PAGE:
“It’s time Saskatchewan dismissed its penchant for Soviet-style government economic intervention by Crown corporations and embraced a “free market” economy by encouraging private- sector investment. In addition, every legislative, regulatory and administrative impediment to investment freedom should be immediately eliminated,” Wallace said.

Wallace’s article originally appeared as an op-ed in the May 9, 2003, edition of the StarPhoenix under the title Gov’t intervention in economy killing province.

On Dec. 16, 2004, the StarPhoenix published an op-ed by Ken Ziegler, a lawyer in Saskatoon and president of the Prairie Centre Policy Institute.

“Add our voice to the growing number of people concerned with the overall anti-business policies and attitudes within the provincial NDP government. The current debate over implementation of old “available hours of work” labour legislation is but one further example of this anti-business attitude,” Ziegler said in the first paragraph.

According to Ziegler business owners are “being hampered by restrictive regulations, uncompetitive taxes and a host of other costs that feed government.”

“This ongoing attack on business leads many to look for alternatives in other places,” Ziegler said.

“It’s imperative that the government engage in meaningful dialogue with the private sector on a broad range of issues and deal with the perception and the reality of its anti-business attitude.”

“Remember, you can’t be a socialist without money,” Ziegler closed.

And this is just a sampling of the anti-NDP commentaries posted on the Prairie Policy Centre website.

It is interesting to note that, along with economist Graham Parsons, several of the Prairie Policy Centre directors or their companies appear to have contributed to the right-wing Saskatchewan Party.

According to the Saskatchewan Party’s Registered Political Party’s Fiscal Period Return (E-521) Parsons appears to have contributed $500.00 to the party in 2003, $312.82 in 2004 and $325.08 in 2006.

Parsons is also a vice-president with Clifton Associates Ltd. in Regina, which seems to have donated $324.16 in 2003, $304.94 in 2005 and $1,300.32 in 2006.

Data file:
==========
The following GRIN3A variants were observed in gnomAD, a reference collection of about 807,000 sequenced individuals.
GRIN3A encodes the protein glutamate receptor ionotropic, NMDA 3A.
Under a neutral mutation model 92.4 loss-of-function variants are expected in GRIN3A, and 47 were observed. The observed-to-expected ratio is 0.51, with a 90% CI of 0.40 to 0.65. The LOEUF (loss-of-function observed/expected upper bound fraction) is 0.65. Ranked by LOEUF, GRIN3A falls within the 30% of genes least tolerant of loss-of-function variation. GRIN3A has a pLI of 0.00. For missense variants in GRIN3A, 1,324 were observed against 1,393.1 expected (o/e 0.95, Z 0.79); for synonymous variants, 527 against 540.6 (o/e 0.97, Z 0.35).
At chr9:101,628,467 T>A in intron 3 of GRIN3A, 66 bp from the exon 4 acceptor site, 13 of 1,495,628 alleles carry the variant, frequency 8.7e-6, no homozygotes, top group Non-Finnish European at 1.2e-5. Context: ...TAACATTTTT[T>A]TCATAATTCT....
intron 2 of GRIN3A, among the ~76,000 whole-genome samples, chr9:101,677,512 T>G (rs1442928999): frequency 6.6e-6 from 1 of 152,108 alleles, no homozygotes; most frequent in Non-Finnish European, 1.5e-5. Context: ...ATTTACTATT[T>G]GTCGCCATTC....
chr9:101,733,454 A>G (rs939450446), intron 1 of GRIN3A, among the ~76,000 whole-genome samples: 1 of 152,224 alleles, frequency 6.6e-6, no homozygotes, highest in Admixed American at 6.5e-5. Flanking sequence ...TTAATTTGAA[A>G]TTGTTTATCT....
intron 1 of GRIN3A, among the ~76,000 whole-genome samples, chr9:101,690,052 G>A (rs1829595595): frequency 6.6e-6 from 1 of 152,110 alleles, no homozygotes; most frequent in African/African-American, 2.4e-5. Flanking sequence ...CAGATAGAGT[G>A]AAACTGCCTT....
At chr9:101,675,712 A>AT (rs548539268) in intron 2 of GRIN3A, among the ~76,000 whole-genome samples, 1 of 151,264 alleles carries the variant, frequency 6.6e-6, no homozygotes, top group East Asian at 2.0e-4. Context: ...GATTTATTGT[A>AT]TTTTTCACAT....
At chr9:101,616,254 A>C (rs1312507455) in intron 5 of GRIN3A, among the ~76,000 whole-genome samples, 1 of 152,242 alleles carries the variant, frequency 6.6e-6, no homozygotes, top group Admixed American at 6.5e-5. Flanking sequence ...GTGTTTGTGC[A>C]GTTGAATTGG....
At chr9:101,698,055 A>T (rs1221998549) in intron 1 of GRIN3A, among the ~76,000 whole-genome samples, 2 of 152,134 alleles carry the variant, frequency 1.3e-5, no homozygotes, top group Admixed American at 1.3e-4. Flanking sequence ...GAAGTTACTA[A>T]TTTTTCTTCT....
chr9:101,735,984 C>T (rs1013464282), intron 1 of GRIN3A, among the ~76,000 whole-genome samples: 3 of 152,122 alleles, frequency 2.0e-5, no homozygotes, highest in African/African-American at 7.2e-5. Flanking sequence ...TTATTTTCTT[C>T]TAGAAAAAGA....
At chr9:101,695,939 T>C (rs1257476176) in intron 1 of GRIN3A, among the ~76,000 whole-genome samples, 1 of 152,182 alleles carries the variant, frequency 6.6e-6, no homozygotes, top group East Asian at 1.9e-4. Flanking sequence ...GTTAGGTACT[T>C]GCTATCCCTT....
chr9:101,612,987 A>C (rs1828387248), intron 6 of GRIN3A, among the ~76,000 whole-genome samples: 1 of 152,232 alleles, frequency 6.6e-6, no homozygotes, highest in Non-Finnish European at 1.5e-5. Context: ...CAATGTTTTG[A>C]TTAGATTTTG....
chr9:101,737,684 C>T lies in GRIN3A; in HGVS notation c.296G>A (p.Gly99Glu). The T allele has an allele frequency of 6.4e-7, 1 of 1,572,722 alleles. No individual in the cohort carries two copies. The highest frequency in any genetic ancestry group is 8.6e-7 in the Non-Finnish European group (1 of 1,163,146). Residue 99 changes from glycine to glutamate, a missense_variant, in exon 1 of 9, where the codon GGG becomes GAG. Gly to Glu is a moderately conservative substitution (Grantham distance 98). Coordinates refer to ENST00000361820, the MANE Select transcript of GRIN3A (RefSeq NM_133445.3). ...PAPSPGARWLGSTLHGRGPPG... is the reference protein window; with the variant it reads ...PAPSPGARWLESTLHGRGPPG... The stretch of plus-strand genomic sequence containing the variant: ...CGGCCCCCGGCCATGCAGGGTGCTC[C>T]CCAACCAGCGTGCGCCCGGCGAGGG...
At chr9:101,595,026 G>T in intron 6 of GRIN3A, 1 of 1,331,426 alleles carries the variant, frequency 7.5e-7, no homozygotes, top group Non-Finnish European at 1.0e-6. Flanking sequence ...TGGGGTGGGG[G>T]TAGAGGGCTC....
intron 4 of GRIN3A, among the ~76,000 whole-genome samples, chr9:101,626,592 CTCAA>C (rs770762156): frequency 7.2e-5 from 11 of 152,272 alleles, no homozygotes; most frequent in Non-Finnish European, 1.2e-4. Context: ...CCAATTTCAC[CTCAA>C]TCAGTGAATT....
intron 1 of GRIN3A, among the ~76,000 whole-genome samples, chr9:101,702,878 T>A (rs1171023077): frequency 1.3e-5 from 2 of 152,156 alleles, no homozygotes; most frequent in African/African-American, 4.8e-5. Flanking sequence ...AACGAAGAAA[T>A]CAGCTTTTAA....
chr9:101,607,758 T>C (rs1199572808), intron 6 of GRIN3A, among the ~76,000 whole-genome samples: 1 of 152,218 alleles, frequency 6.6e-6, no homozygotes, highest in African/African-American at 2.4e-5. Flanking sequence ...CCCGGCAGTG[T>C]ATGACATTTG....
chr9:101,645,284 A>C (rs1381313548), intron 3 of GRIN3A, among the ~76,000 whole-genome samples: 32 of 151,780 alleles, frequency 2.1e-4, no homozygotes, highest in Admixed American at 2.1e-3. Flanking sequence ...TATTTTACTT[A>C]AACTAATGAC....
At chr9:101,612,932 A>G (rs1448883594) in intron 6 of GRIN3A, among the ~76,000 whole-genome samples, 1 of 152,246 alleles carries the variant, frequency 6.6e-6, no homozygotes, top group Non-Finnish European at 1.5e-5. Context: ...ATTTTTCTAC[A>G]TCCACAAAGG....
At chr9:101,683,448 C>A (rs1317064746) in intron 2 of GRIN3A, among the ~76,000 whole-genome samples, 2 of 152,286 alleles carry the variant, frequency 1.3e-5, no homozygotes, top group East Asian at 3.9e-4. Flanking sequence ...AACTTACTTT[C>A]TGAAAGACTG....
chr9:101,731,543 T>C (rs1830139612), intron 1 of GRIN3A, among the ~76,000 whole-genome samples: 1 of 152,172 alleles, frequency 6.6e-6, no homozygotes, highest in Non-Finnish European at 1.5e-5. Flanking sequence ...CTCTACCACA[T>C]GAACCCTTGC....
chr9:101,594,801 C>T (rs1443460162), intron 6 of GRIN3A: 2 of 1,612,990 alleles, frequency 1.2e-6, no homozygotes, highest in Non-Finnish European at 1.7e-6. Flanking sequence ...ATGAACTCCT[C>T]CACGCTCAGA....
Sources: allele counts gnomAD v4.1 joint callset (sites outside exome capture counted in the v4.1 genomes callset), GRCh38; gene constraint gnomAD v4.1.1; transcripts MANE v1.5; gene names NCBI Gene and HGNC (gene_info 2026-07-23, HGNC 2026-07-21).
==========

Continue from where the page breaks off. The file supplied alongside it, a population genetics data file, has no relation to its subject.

Prairie Policy Centre President Barry Ghiglione is the owner and president of The Handy Group of Companies. He is also a past president and board member of the North Saskatoon Business Association (NSBA). Records show that Handy Group contributed $315.06 in 2006 and Handyman Rental Centre Ltd. donated $901.69. The latter also contributed $1,397.59 in 2005, $926.70 in 2004 and $927.97 in 2003.

Jim Nowakowski is the owner of JNE Welding and a former president of the North Saskatoon Business Association. It appears his company contributed $2,183.24 in 2006 and $1,436.46 in 2005.

Norm Wallace is the owner of Wallace Construction Specialties Ltd. in Saskatoon. He is a founder of the Canadian Taxpayers Federation, and the Prairie Centre Policy. His company appears to have contributed two amounts in 2003: $1,075.00 and $294.40. In 2004, the company contributed $293.46. In June 2004, Wallace contributed $300.00 to Carol Skelton, the Conservative Party candidate for Saskatoon-Rosetown-Biggar, and another $400.00 to her campaign in Dec. 2005.

Kenneth Ziegler is a past president of the Saskatoon and District Chamber of Commerce. Ziegler is also a member of the North Saskatoon Business Association, the Saskatoon Regional Economic Development Authority, a representative member of Saskatchewan Trade and Export Partnership, and a former Director of the Saskatchewan Chamber of Commerce. He appears to have contributed $469.40 in 2003.

Dean Gagne is President & CEO of Checkmate Strategic Planning Inc. in Regina. His company appears to have contributed $355.84 in 2003.

Lastly, Wallace ($1,000), Ghiglione ($500) and Curt Kunkel ($1,000) contributed to Saskatoon Mayor Don Atchison’s 2006 re-election campaign. Atchison is cut from the same conservative cloth as Saskatchewan Party Premier Brad Wall.

For any of the major players involved in this saga to suggest that they’re non-partisan or non-ideological seems a little preposterous. Like the old proverb says, “If it walks like a duck, quacks like a duck, looks like a duck, it must be a duck.”

2 Comments:

At 9:17 PM, Blogger David said...

It's absolutely crazy that you devoted this much time trying to prove that conservatives are conservatives. What the hell is the point of this? It's like doing an expose on union support for the NDP, or that the sky is blue.

 
At 3:04 PM, Blogger Paul said...

I donated ten bucks to Telemiracle once, does that make me a cripple?